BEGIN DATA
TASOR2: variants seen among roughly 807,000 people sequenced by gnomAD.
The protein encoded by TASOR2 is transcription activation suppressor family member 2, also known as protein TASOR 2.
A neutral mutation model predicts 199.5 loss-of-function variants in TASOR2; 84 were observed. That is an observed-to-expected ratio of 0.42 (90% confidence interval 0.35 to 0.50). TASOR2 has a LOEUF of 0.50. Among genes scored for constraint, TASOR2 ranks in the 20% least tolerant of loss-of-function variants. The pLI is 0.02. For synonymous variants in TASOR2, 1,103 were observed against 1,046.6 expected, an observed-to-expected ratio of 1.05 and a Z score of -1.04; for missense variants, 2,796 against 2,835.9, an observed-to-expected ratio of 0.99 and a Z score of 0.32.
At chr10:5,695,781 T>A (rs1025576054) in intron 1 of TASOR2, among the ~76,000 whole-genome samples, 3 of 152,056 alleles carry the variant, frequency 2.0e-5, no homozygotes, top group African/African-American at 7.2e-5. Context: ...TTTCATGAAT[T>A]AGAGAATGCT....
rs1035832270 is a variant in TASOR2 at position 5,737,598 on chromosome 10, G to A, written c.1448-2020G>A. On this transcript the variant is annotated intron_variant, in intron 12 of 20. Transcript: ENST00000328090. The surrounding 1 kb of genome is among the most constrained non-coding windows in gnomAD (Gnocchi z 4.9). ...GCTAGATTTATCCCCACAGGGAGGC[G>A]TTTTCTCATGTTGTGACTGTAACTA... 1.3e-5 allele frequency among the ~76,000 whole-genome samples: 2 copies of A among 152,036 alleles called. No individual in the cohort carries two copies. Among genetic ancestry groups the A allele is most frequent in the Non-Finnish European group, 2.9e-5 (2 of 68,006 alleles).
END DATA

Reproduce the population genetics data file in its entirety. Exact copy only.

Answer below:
TASOR2: variants seen among roughly 807,000 people sequenced by gnomAD.
The protein encoded by TASOR2 is transcription activation suppressor family member 2, also known as protein TASOR 2.
A neutral mutation model predicts 199.5 loss-of-function variants in TASOR2; 84 were observed. That is an observed-to-expected ratio of 0.42 (90% confidence interval 0.35 to 0.50). TASOR2 has a LOEUF of 0.50. Among genes scored for constraint, TASOR2 ranks in the 20% least tolerant of loss-of-function variants. The pLI is 0.02. For synonymous variants in TASOR2, 1,103 were observed against 1,046.6 expected, an observed-to-expected ratio of 1.05 and a Z score of -1.04; for missense variants, 2,796 against 2,835.9, an observed-to-expected ratio of 0.99 and a Z score of 0.32.
At chr10:5,695,781 T>A (rs1025576054) in intron 1 of TASOR2, among the ~76,000 whole-genome samples, 3 of 152,056 alleles carry the variant, frequency 2.0e-5, no homozygotes, top group African/African-American at 7.2e-5. Context: ...TTTCATGAAT[T>A]AGAGAATGCT....
rs1035832270 is a variant in TASOR2 at position 5,737,598 on chromosome 10, G to A, written c.1448-2020G>A. On this transcript the variant is annotated intron_variant, in intron 12 of 20. Transcript: ENST00000328090. The surrounding 1 kb of genome is among the most constrained non-coding windows in gnomAD (Gnocchi z 4.9). ...GCTAGATTTATCCCCACAGGGAGGC[G>A]TTTTCTCATGTTGTGACTGTAACTA... 1.3e-5 allele frequency among the ~76,000 whole-genome samples: 2 copies of A among 152,036 alleles called. No individual in the cohort carries two copies. Among genetic ancestry groups the A allele is most frequent in the Non-Finnish European group, 2.9e-5 (2 of 68,006 alleles).